Victorian council elections likely to be postponed amid COVID-19 risks

More than 4.5 million voters could be spared voting in council elections in October, with the Victorian government strongly considering postponing the polls amid tough COVID-19 restrictions across the state.

It comes after Local Government Victoria updated its guidelines on Wednesday for candidates to safely campaign, on the advice of Chief Health Officer Brett Sutton.

Voting during COVID-19: An election official sanitising a polling booth during the Brisbane council elections in March.Credit:Getty Images

Under those revised guidelines, candidates in metropolitan Melbourne would effectively be banned from campaigning outside their homes, including doorknocking, leafleting, attending campaign events and advertising on billboards and posters, for as long as stage four restrictions remain in place.

Even if stage four restrictions are lifted as planned in mid-September, stage three limits prevent candidates convening or attending meetings in open spaces or private residences, doorknocking and attending community events.

They would have been allowed to drop election material into people's letterboxes, hand out leaflets and advertise on posters and billboards.

Local Government Minister Shaun Leane

The October poll was set to be the state's biggest election yet, with more than 4.5 million voters enrolled (including business owners in the City of Melbourne) and more than 2000 candidates expected to contest 76 of Victoria’s 79 councils.

It would be Victoria's first statewide council postal ballot, a concession announced by former local government minister Adem Somyurek in May to assuage rising concerns about the risks of conducting the elections amid the pandemic.

The Andrews government has for months resisted pressure to delay the polls, maintaining Victorians have a democratic right to vote.

But it is understood that after the revised guidelines were issued, it became clear that candidates would have been unable to campaign in any meaningful sense, and consideration has shifted to postponing the elections.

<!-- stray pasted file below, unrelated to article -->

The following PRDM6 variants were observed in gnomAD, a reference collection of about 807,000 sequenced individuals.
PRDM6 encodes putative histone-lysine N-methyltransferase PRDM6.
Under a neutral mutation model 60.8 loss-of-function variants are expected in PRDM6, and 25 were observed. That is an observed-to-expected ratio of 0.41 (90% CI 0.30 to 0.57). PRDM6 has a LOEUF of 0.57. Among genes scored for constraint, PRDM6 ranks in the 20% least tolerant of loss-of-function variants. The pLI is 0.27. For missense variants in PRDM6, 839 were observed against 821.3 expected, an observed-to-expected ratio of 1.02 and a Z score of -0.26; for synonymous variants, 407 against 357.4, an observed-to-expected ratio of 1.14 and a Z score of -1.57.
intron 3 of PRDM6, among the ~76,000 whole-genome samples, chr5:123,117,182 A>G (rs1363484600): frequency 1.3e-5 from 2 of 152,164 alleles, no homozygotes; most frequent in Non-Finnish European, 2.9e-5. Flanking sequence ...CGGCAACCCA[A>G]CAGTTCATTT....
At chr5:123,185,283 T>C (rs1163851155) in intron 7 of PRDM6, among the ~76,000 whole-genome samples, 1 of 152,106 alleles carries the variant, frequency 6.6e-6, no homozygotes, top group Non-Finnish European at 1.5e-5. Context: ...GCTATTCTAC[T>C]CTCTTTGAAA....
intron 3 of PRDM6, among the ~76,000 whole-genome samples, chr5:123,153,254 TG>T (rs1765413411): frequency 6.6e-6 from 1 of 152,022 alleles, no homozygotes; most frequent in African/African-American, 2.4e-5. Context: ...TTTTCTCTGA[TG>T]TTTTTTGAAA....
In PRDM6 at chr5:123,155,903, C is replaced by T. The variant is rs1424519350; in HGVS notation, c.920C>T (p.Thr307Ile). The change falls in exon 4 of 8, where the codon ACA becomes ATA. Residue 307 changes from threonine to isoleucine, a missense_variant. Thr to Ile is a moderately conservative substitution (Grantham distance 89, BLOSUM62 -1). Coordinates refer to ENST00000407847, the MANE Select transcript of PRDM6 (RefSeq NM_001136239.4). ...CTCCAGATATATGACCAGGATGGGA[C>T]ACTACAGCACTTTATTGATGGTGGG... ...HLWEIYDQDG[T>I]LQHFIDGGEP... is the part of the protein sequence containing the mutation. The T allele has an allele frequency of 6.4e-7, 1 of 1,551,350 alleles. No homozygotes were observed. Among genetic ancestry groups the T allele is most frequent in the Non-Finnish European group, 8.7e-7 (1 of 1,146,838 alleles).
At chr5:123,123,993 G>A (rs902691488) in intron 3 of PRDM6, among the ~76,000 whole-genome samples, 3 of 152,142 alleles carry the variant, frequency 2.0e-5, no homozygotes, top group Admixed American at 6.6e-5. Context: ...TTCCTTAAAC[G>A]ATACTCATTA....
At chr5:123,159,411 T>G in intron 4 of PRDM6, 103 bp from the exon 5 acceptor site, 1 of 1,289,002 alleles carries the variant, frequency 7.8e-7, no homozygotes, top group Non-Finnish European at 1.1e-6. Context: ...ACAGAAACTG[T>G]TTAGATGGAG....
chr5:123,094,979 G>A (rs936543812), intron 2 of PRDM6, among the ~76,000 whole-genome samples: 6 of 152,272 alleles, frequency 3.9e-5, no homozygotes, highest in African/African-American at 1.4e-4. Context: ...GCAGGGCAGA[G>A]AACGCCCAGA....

Local Government Minister Shaun Leane has been contacted for comment.

The Local Government Act gives him the power to delay the election during a state of disaster.

Victorian Labor had been preparing a concerted push to regain dominance in grassroots politics, after formally resolving in 2018 to vigorously contest future council elections.

But councillors across the state have raised concerns that if the October elections gone ahead, they would heavily favour incumbents who already have a profile and cash-rich candidates who could afford to campaign through letterbox drops using postal services.

Stonnington mayor Steve Stefanopoulos said without the ability to campaign in person, it would cost between $14,000 and $16,000 to letterbox his ward – a financial impossibility without a major party to back him.

Municipal Association of Victoria president Coral Ross said it would be impossible to have free and fair elections with Victoria in a state of disaster.

Cr Ross, a councillor in the City of Boroondara,said many would-be council candidates had already dropped out, including women with dependent children, people who had lost work and business owners struggling to stay afloat.

There were more than 2100 candidates at the last election, with about 10 volunteer supporters each, and the MAV had argued for months that with so many people involved in the election it would be dangerous to proceed.

"It's not something that you would call for lightly. It's just that this is only the second time that we've had a state of disaster and it's the first time ever that we've got curfews. These are not normal times."

Cr Stefanopoulos said council elections were the last thing on voters' minds.

"The community at the moment is more worried about their health, their safety, their jobs – the first candidate to go outside and say, 'vote for me' is going to get pummelled by the community."

Darebin mayor Susan Rennie said her council had budgeted $1 million to carry out the election, which would be better spent on supporting the community through the pandemic.

"We have a number of staff at the moment working on councillor orientation and induction packages and activities, and all of those staff could be redirected into COVID-19 recovery," Cr Rennie said.

NSW deferred its council elections from September this year to 2021. No date has yet been set for the Victorian council elections.

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